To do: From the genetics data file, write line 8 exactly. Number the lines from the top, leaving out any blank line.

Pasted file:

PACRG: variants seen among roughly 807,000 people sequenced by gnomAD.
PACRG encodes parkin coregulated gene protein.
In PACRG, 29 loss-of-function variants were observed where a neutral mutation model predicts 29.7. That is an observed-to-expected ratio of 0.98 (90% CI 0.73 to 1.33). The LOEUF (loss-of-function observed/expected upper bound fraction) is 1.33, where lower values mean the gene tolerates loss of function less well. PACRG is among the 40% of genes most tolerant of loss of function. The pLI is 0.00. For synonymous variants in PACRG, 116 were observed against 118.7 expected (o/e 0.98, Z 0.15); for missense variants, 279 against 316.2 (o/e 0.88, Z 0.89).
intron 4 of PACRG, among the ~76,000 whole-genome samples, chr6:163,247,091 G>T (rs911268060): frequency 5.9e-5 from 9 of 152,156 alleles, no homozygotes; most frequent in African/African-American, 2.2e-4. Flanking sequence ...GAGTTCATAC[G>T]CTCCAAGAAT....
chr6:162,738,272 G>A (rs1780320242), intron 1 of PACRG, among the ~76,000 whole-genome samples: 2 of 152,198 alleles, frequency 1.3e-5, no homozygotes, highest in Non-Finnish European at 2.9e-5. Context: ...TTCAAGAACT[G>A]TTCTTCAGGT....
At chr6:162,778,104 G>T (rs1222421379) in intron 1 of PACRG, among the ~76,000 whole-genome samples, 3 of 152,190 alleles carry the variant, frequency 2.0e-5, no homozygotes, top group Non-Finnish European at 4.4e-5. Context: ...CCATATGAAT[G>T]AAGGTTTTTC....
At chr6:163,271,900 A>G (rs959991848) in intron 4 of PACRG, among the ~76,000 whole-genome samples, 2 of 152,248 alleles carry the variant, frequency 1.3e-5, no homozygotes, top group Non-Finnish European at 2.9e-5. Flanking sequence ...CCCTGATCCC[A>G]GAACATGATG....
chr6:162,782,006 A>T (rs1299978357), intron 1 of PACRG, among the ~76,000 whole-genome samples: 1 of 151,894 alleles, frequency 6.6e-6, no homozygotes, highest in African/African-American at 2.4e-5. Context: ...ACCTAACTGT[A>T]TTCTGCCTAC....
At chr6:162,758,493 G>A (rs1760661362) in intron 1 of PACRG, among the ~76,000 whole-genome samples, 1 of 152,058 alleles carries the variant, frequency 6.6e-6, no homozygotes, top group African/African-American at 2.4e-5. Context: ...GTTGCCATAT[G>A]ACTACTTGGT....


chr6:162,782,006 A>T (rs1299978357), intron 1 of PACRG, among the ~76,000 whole-genome samples: 1 of 151,894 alleles, frequency 6.6e-6, no homozygotes, highest in African/African-American at 2.4e-5. Context: ...ACCTAACTGT[A>T]TTCTGCCTAC....